"It's a constant battle to be one of those top [athletes] in the country," Wieber says. "It was intense because only five athletes were chosen on the [U.S. National] team out of however many there are in the entire country. You have to excel when it counts the most. It's a tremendous amount of pressure."
Unlike a lot of other elite gymnasts, Wieber chose to remain in school. Each day, she would practice two and a half hours in the morning, go to school for half a day -- her mental break from the sport -- and then practice again for another four and a half hours when she returned. Then it was back home to complete homework and make sure she let her body recover.
Wieber was always at the gym. That's where she spent her entire childhood.
Wieber didn't get to go on many family vacations or see her siblings' sporting events. Her parents' itinerary was sometimes a crunch, like for instance when they had to fly to Tokyo to see Wieber compete in the world championships and be back as soon as humanly possible to attend her brother's senior night football game, since he was the quarterback.
"They tried to balance it the best they could and make us all feel supported, but we were definitely a busy family," Wieber says.
She may not have attended many Friday night football games or school dances, but Wieber knew they were necessary sacrifices in gymnastics, where the window of opportunity for success was very small and the toll on the body very high.
THE INTERNATIONAL STAGE
Wieber arrived at her first international assignment, the Junior Pan American Games in Guatemala, at age 11. It was the first time she went outside the United States and just the beginning of a string of international competitions that would lead her ultimately to the Olympic Games.
Being in another country at Thanksgiving was a bit strange for someone so young, but the feeling of wearing a Team USA leotard for the first time overrode it as she took pride in representing her country abroad.
"It was the first time I remember thinking 'Wow, I really love this,' and wanted to keep working on it," Wieber says. Stepping out to do her routine, she says she "never got nervous. Part of that was because I tricked myself into [it]; I always just said 'I'm excited.'"
Already she was learning that nervousness and excitement felt so similar in the body. By then she was practicing up to 30 hours a week, from drills and basics to ballet; conditioning, stretching and even more conditioning. It felt like she had practiced the routines millions of times. Before her turn, she reminded herself that it was just one more.
As a coach, she tells her athletes much the same thing to keep them from losing a mental battle, reminding them that the more routines they get under their belts, the more they have to draw from when the time is right.
"That mental training is what separates good athletes and great athletes," Wieber says. "The ones who are so mentally strong and confident [to] where competition isn't a big deal, it's just another routine. That's what I learned from my coaches was the discipline that it takes to be a great athlete and come in every day even when it's really difficult and your body might be saying 'I don't want to do it today,' to be resilient, every single day."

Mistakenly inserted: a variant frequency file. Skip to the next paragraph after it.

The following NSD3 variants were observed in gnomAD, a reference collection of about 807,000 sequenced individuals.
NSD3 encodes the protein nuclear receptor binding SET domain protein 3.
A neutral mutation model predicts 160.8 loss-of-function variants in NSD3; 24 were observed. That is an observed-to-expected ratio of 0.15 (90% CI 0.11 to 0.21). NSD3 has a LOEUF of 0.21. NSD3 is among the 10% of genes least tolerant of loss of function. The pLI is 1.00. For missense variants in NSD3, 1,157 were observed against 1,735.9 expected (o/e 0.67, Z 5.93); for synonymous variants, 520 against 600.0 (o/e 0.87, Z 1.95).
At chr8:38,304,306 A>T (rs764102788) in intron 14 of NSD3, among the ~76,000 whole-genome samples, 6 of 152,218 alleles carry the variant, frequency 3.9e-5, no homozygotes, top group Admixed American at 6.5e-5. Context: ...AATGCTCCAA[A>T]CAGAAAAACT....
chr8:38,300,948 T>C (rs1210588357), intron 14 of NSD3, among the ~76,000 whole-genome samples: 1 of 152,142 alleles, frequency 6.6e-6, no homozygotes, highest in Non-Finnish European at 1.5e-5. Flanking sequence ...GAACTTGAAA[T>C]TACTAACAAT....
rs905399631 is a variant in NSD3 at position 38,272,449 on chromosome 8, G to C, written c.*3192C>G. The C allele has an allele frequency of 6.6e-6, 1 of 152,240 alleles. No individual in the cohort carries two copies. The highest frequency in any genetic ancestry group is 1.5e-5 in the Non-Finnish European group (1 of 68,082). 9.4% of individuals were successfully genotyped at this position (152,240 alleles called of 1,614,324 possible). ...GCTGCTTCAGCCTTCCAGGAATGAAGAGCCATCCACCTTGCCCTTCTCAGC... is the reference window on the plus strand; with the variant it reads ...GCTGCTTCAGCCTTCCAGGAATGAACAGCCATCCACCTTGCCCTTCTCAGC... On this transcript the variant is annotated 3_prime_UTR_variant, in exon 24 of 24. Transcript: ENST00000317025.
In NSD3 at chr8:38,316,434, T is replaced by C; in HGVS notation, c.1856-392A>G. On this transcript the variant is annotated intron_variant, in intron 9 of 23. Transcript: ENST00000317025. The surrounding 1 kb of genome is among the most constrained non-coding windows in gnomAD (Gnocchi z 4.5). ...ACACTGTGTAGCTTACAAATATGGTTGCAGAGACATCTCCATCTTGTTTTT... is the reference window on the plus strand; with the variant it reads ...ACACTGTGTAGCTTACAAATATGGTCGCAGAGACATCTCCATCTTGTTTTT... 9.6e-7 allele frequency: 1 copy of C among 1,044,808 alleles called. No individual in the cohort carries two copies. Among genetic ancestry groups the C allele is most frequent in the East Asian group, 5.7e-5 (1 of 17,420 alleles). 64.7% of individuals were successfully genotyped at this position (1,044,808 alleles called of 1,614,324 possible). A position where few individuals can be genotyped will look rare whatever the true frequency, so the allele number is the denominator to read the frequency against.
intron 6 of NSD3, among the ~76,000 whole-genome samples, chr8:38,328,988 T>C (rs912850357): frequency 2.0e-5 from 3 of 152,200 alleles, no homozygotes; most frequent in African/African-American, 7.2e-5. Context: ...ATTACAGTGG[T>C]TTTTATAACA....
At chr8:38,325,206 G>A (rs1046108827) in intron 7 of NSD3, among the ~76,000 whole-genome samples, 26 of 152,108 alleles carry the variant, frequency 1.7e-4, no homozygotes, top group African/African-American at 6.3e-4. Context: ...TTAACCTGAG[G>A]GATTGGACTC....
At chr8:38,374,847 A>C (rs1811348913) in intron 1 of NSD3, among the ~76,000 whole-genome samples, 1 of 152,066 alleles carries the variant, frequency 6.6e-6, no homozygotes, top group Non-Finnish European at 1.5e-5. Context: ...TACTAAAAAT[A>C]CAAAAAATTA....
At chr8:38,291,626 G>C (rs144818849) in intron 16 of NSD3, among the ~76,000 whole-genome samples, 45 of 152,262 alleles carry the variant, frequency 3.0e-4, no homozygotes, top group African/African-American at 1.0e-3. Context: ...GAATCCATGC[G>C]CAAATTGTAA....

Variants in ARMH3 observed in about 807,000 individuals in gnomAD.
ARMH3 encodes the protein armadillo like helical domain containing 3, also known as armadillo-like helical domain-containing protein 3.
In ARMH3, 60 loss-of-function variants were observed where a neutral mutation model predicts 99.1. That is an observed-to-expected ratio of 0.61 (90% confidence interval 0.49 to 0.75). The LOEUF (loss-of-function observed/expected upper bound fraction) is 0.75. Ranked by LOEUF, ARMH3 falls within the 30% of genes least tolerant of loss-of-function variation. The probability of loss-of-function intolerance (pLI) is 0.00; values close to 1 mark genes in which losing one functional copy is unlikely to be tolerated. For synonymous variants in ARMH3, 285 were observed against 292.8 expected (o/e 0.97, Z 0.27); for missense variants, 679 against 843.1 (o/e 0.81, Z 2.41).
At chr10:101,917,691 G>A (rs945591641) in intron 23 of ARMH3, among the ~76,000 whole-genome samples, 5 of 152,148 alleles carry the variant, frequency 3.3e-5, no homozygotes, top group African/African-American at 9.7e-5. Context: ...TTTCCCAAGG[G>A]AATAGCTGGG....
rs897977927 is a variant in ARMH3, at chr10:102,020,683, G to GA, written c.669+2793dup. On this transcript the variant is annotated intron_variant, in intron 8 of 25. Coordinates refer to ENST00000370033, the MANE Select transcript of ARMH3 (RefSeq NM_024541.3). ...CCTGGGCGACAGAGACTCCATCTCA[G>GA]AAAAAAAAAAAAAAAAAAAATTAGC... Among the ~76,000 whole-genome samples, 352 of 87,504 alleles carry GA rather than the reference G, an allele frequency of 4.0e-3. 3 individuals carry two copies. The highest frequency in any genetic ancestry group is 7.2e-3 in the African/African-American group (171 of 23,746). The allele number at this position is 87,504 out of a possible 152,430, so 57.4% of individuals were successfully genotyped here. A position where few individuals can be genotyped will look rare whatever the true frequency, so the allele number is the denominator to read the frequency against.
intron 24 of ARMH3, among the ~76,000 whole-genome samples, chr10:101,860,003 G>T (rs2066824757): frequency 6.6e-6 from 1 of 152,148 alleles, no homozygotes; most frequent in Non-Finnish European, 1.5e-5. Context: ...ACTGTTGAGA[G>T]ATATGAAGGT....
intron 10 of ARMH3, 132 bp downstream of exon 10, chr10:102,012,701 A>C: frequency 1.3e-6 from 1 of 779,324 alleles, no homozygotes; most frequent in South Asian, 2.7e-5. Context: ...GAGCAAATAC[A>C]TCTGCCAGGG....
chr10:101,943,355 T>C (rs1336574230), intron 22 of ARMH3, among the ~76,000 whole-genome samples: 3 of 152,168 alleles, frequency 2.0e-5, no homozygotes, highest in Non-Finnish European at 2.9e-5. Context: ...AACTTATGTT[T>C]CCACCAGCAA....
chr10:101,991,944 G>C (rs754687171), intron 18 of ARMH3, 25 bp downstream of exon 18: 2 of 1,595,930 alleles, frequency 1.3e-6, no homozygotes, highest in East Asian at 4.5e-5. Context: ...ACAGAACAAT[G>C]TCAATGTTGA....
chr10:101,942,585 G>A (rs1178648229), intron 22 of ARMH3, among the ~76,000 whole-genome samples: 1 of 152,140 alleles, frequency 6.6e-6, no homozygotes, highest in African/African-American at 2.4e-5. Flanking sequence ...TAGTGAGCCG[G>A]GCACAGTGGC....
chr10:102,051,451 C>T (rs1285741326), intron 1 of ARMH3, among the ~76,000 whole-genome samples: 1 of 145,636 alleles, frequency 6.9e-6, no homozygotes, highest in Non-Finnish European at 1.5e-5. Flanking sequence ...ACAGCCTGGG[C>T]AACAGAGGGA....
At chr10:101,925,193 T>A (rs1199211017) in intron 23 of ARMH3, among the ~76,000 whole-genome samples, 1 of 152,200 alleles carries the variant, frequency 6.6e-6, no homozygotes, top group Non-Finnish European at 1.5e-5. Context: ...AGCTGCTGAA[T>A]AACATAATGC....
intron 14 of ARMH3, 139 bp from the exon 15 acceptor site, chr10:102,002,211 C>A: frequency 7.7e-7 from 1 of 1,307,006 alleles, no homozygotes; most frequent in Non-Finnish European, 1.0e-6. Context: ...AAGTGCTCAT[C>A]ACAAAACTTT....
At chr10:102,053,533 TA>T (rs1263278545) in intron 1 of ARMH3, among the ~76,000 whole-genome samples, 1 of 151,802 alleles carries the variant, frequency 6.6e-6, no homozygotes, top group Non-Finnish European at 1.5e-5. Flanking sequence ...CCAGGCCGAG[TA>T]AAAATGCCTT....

TORE HER HAMSTRING
While competing, Wieber leaned back on that mental toughness and earned second in the all-around.
A few years later, as she approached ages 15-18, the peak window of gymnastic performance where her best chance for making the Olympic team lay, Wieber tore her hamstring at age 14. The pressure was mounting with the amount of time to Olympic trials closing in and making the jump from junior to senior level. It was a hard time to be injured, she says, especially since the injury couldn't be fixed with a surgery.
"It's one of those injuries that if you come back too early on it, you can tear it again easily," Wieber says.
It kept her out of competition for a year and a half. During practices, there wasn't a lot of gymnastics she could do while healing. She had to focus on physical therapy, conditioning and stretching, but most of all, not letting it get to her head.
Wieber had been going to Larry Nassar, and it was during this period, she says, that he began abusing her.
"Looking back, that was one of the toughest times of my gymnastics career, and I didn't even process it in the moment," she says. "All I wanted to do was compete and get back into training, and I just had to wait and let it heal."
Wieber had to rely on her years of competition experience while she was unable to train as much as she wanted in the last few weeks leading up to the Olympic Games.
FROM TOKYO TO LONDON
The 2011 World Championships in Tokyo is, in Wieber's opinion, when she peaked in gymnastics. Focused on the team competition that she loved so much, she made it to all-around finals, made a couple of mistakes but inched out and won, to her surprise, granting her a huge confidence boost.
"I was the best in the world at the time," Wieber says. "That's just a crazy thing to be able to say about yourself, but really that ... confirmed with the national team staff that I was capable of achieving a high level of gymnastics on the international stage."
As the world champion the year before the Olympics, all eyes were on Wieber, expecting her to make the team and go on and defend her title in London.
Once there, Wieber sustained a tough stress fracture on her tibia. She competed through it and trained through the excruciating pain with the knowledge that she might not have the opportunity again. She felt like it was worth pushing herself. The day after the games, Wieber slapped a boot on her leg and let it heal.